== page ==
• (GA) IPA: /ˈkɑm.ɚs/
  • (RP) IPA: /ˈkɒm.əs/, /kɒˈmɜːs/


  1. (business) The exchange or buying and selling of commodities; especially the exchange of merchandise, on a large scale, between different places or communities; extended trade or traffic.
  2. Social intercourse; the dealings of one person or class in society with another; familiarity.
    • 1911, Thomas Babington Macaulay, “[,_John Bunyan, John]”, in 1911 Encyclopædia Britannica:
      Fifteen years of thought, observation, and commerce with the world had made him [Bunyan] wiser.
    • 1881, Robert Louis Stevenson, Virginibus Puerisque:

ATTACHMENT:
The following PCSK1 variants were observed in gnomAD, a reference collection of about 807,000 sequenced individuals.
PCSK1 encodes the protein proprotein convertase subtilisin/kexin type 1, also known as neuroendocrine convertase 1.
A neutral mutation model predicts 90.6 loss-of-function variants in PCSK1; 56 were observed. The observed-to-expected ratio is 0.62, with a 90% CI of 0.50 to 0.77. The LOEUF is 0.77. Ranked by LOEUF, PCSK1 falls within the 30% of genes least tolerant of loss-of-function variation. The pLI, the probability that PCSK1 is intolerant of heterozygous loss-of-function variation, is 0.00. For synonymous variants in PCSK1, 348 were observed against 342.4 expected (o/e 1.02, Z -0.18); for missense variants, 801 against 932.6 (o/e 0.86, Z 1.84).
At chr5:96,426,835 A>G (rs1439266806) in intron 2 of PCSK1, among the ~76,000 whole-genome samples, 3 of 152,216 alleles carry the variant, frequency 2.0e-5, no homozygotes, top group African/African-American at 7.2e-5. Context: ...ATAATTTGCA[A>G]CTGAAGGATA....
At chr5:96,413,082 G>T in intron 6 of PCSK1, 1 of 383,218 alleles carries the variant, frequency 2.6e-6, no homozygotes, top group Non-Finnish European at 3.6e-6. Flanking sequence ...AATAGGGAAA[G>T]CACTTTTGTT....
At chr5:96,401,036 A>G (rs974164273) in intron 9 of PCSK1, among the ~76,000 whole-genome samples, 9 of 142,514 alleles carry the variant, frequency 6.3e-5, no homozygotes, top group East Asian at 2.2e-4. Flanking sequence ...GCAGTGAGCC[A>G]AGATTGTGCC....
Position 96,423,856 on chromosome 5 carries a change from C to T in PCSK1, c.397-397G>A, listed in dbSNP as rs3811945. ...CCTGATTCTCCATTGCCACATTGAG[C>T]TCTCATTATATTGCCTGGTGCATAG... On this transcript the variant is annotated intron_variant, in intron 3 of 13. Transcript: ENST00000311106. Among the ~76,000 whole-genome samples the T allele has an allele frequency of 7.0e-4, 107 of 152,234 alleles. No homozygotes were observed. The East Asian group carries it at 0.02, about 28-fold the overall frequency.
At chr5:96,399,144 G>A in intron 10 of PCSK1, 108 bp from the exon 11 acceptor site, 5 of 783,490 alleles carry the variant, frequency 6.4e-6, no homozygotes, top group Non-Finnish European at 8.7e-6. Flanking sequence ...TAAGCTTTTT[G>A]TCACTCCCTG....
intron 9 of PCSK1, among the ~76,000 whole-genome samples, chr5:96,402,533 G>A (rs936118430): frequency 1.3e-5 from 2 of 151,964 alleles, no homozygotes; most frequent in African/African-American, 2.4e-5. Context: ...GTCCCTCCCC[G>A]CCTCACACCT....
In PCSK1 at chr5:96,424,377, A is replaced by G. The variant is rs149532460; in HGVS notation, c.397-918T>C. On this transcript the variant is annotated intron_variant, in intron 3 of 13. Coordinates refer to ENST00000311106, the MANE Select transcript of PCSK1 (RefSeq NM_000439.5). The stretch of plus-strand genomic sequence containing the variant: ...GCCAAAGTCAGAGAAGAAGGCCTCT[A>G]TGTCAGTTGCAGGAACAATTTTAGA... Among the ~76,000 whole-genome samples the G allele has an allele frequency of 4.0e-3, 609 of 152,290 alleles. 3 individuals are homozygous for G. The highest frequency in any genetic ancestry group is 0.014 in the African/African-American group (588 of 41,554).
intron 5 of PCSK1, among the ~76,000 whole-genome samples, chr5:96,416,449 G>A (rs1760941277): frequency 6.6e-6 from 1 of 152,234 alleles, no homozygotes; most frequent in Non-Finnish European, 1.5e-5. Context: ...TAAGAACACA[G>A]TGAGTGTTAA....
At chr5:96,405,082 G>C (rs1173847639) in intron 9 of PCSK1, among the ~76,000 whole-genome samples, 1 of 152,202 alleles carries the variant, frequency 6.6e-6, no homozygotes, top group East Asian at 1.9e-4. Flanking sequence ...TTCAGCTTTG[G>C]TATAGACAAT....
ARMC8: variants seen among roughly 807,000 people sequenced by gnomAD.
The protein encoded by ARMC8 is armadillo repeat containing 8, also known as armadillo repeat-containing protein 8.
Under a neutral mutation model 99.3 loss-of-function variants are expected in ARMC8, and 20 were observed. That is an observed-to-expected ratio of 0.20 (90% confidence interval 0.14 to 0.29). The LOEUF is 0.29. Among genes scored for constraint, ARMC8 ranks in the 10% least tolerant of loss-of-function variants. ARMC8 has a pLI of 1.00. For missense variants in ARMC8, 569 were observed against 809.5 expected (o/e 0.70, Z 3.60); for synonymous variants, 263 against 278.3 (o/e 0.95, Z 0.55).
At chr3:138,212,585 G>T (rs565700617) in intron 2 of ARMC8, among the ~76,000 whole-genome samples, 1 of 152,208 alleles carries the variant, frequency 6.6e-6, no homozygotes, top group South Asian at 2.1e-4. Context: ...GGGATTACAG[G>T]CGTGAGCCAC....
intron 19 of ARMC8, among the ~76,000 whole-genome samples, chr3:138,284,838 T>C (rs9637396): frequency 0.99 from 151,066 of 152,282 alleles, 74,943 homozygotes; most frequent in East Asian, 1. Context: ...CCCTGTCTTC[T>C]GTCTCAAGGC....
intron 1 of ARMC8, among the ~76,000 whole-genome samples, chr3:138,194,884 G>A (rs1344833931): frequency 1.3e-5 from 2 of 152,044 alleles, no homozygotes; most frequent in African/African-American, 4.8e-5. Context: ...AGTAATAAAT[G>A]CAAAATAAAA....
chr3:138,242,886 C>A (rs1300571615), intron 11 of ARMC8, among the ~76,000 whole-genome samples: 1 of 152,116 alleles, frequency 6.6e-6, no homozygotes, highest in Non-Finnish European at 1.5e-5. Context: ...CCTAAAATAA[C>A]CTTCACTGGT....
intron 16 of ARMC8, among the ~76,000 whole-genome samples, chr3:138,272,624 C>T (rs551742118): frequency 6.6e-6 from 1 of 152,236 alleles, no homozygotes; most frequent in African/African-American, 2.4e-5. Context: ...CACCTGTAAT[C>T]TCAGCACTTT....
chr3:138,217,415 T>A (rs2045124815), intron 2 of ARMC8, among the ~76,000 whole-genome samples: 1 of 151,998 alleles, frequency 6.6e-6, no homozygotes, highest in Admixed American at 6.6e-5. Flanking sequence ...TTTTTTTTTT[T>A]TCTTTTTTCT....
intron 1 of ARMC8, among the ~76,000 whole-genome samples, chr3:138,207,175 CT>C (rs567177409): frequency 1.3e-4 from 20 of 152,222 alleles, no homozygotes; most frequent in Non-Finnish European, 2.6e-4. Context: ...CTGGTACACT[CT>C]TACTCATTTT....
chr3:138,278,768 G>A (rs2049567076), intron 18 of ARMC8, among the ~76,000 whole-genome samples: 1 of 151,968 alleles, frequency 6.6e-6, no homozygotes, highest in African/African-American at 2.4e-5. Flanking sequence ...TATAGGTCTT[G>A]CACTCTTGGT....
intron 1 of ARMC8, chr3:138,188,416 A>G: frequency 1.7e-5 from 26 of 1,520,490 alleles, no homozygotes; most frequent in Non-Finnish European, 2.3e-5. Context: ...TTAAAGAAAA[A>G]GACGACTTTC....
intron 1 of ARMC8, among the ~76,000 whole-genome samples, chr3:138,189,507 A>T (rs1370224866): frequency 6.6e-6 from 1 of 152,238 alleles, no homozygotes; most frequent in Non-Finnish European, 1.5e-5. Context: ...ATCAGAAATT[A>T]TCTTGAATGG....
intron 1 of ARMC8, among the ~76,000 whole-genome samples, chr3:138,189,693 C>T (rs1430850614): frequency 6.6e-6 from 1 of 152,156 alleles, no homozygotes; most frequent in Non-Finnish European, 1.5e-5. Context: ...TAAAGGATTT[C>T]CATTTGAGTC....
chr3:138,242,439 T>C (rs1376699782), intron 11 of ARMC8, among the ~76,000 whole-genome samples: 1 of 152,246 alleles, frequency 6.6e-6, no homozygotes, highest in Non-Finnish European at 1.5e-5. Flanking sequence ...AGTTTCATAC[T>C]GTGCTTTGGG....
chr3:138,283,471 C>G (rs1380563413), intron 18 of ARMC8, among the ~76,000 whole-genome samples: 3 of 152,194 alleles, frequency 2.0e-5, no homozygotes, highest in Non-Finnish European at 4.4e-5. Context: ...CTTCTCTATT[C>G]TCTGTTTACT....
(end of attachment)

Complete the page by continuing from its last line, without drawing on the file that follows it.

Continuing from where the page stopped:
Suppose we held our converse not in words, but in music; those who have a bad ear would find themselves cut off from all near commerce, and no better than foreigners in this big world.
  3. (obsolete) Sexual intercourse.
  4. An 18th-century French card game in which the cards are subject to exchange, barter, or trade.
Synonyms Translations Translations
  • Russian: обще́ние
  • French: rapports
  • Russian: сноше́ние

commerce (commerces, present participle commercing; past and past participle commerced)

  1. (intransitive, archaic) To carry on trade; to traffic.
    • 1599, Ben Jonson, Every Man out of His Humour
      Beware you commerce not with bankrupts.
  2. (intransitive, archaic) To hold intercourse; to commune.
    • ?, Alfred Tennyson, Walking to the Mail
      commercing with himself
    • Musicians […] taught the people in angelic harmonies to commerce with heaven.

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